Picked up a friend for lunch. She asked if I was up for A Drive, which of course I was, so we went to a fabulous Thai restaurant in White Bear Lake, MN, 53.5 miles from my house. Then we went across the street to a yarn shop where I indulged in a little retail therapy (above) . As soon as I find my camera (damn! I hate losing things in my house and it happens all the time) I will share my indulgences in their true colors, which are not exactly as pictured above, and their intended uses.
* This is not unusual when one lives in the sticks.
I decided earlier this year that I wanted to meet a couple imaginary friends. I have been reading each of their blogs -- two bloggers, one blog each -- for several years, and they have been reading and commenting here likewise. Time for a FtF.
First was Jocelyn, who lives in Duluth with her husband and two kids. We sat on their deck in various combinations, drank lattes, ate homemade chocolate-chip scones, exchanged life stories, drank horchatas that her husband had made (ours were cinnamon), and listened with great interest to her son and his cousin as they described their planned Halloween costumes (Link and Skull Kid from the Zelda series of video games and anime).
Jocelyn absorbing the intricacies of Zelda.
Elijah and Paco are experts in the subject. While they were enlightening us in the details of the characters, small clay figures of Link and his various accoutrements were baking in the oven.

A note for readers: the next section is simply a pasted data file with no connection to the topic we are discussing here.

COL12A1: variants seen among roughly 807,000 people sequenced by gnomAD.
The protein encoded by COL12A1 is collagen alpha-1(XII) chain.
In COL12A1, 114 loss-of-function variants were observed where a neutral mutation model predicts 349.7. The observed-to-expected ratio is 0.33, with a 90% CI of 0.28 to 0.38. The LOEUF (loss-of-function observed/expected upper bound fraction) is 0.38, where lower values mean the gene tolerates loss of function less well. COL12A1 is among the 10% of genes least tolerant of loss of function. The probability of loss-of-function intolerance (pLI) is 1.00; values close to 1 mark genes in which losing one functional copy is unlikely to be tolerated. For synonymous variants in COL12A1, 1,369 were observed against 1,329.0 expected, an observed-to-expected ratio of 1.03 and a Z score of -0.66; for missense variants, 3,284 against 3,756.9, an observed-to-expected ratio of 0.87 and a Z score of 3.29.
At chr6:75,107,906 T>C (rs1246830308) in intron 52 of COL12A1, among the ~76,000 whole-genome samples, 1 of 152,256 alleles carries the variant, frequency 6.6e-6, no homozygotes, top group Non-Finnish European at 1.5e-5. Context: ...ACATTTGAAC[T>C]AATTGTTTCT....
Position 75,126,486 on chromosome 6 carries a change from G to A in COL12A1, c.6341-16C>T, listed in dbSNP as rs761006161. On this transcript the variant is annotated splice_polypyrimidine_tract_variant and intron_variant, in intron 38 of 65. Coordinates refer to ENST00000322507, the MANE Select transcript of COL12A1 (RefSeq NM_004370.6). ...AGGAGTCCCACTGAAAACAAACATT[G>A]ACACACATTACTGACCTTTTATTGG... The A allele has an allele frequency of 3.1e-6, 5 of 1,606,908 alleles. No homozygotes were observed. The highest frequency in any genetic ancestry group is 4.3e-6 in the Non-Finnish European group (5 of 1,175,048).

It was a totally delightful visit. If I were a better blogger I would have photos of her yard (flowers everywhere!) and the tray of horchata drinks (refreshing and delicious!) and her husband (a cutie!) and their wall of board games (family fun!). But I am not so you must use your imagination.
A farewell selfie. Thanks for sharing your delightful self and your family with me, Jocelyn!
* * * * *
At the end of the afternoon I was off down the highway to Ashland, where I stayed overnight and anticipated my visit the next day with k.
My one-star motel had not been updated significantly since the 1950s; however...
...the view from the door of my room was fabulous.
The next morning I drove a few miles north to Coco's in Washburn, a village on the shore of Chequamegon Bay, where we had agreed to meet for breakfast. I was struck by a tragic case of camnesia, so there are no photos of k or her pancakes (or was it French toast?) or my bacon/asparagus/basil frittata. Suffice to say, all were most excellent.
Typical yarn store display in The Great White North.
I came away with a skein of Trekking in the artfully named colorway 552.
K, on the other hand, was finding skein after skein of fingering weight merino that captured her heart. She kept bringing them over to me, fondling them and saying, Look at this! Look at this! She finally settled on a skein of Colinette Jitterbug in a mysterious and lovely mix of browns and blacks and charcoals. It may have been this one, but the Rav photos do not do justice to its dark wonder.
We parted and I began the longish trek home. I kept thinking about that skein of Jitterbug that K had bought... and coveting it. Why didn't I look for something more intriguing? Why had I settled for the Trekking? Sure, it was nice, but nowhere near as stunning as that Jitterbug.